The Trial of Saddam Hussein and The Fallout of The War

The Trial of Saddam Hussein


The fallout in the Middle East from the regime change in Iraq

Wednesday, November 01, 2006

Bush Refused Saddam's Surrender

A former political adviser to Saddam Hussein's son is claiming that Saddam was willing to surrender to all American demands before the U.S. invasion of Iraq, but that the Bush administration refused his offers.

The disclosure has been made by Hossam Shaltout, a Canadian aerospace engineer and former American pilot, and founder of the peace organisation Rights and Freedom International. He claims that war could have been averted, but Bush aides blocked his efforts to announce Saddam's decision.


"Saddam was willing to yield to all American demands, announced and unannounced, to reach peaceful resolution, but the Bush administration, including Elizabeth Cheney, undersecretary of State, David Welch, the U.S. ambassador in Egypt, and Gene Cretz, his political attache, did not respond to his offers."

Shaltout claimed that he was planning to fly from Amman to Baghdad to announce Saddam's decision, but the Royal Jordanian Airlines officials claimed that the US ordered the flight to leave five hours earlier causing him to miss the flight, preventing him from announcing on CNN that Saddam would bow to the Bush ultimatum.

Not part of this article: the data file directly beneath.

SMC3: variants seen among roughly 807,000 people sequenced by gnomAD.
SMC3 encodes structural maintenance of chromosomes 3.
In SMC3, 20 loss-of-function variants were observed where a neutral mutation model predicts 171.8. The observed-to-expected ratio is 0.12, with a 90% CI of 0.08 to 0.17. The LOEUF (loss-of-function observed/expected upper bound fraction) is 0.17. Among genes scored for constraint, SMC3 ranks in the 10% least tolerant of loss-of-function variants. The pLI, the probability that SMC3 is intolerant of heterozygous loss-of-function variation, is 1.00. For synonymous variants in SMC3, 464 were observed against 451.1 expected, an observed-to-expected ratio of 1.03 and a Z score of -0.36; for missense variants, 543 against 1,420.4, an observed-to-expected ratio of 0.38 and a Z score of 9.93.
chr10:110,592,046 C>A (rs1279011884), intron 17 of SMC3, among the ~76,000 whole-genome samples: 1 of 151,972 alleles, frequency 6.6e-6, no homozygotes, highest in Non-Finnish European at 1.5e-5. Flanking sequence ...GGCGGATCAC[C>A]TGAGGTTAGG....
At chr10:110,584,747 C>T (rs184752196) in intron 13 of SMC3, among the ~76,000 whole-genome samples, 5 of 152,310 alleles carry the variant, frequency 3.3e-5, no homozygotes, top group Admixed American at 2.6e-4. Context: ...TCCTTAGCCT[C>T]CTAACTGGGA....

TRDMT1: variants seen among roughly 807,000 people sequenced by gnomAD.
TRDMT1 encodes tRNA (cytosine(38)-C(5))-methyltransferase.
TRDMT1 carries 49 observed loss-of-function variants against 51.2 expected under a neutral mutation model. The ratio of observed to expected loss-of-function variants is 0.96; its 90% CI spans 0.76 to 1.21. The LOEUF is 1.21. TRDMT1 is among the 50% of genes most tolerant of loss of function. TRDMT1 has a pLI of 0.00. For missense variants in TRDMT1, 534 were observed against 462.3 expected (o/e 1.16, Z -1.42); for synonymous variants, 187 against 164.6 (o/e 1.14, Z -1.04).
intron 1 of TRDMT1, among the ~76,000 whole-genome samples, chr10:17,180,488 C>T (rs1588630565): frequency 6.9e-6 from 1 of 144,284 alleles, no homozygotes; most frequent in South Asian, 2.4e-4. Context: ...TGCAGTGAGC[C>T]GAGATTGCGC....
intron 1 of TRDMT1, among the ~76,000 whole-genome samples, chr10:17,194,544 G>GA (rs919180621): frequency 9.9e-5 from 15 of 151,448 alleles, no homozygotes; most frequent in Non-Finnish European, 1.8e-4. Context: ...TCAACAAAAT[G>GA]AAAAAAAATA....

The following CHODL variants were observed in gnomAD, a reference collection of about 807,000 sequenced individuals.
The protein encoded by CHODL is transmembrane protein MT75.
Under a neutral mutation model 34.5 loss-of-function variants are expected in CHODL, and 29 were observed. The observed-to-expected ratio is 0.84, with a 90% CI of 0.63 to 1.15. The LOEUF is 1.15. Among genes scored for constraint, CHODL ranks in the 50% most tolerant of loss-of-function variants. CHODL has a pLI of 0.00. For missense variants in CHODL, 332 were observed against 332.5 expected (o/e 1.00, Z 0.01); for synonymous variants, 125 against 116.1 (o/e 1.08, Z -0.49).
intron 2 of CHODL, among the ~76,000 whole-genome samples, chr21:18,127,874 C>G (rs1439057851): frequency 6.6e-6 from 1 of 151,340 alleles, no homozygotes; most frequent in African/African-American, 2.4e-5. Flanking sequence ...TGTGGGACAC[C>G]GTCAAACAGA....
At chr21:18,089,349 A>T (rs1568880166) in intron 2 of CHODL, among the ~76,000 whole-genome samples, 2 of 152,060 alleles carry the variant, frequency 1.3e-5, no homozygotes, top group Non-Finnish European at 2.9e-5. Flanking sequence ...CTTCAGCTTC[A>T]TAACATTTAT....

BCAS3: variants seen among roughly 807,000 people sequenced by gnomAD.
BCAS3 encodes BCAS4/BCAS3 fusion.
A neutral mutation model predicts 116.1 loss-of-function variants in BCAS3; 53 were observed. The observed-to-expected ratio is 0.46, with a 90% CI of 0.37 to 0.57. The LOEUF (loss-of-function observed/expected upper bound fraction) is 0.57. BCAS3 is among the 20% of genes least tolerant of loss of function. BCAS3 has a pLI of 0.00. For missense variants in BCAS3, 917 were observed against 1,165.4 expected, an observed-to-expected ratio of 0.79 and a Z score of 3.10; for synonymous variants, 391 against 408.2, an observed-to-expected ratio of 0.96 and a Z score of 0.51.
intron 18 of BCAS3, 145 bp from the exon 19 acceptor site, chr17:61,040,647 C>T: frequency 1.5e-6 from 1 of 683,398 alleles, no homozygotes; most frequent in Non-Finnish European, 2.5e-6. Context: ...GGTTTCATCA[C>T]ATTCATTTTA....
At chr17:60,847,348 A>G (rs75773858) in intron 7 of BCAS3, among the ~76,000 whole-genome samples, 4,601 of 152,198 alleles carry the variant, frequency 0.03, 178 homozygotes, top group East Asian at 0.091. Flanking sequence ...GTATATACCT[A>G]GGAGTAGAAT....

Shaltout said he traveled by road to Baghdad, delaying him almost one day, but raced to get the communique approved from Saddam to broadcast over international TV stations broadcasting from Baghdad.

Two hours before the expiration of the Bush ultimatum, Saddam ordered Colonel Amer, his strongman, to facilitate Shaltout's broadcast of the communique. Colonel Amer ordered Allaa Mecky, the head of the Iraqi Channel 2 television, to accompany Shaltout and help him broadcast the communique."

It was very late at night and CNN in Baghdad was closed. So they went to al-Jazeera, and Shaltout told al-Jazeera Washington correspondent Hafez Almirazy on the air that he had the Iraqi government's official reply to the Bush ultimatum. Moments after Mirazy asked him for a brief, the plug was pulled on the transmission. Shaltout has a copy of that interrupted broadcast.

Shaltout said that when the Americans arrived in Baghdad, he offered his assistance to U.S. military officials. Instead he was arrested by Marines who went to his hotel suite taking his documents. Shaltout has the videotape of his arrest, and several supporting documents.

If this claim is true then the Bush Administration should be held to account, in the same manner as Saddam, for the thousands of lives lost during this criminally negligent fiasco.

1 comment:

Anonymous said...

how many would love saddam should not be killed,i was 1 amoung those but recently i came to know bout him in detail the mass murders he committed in Iraq and in cuvite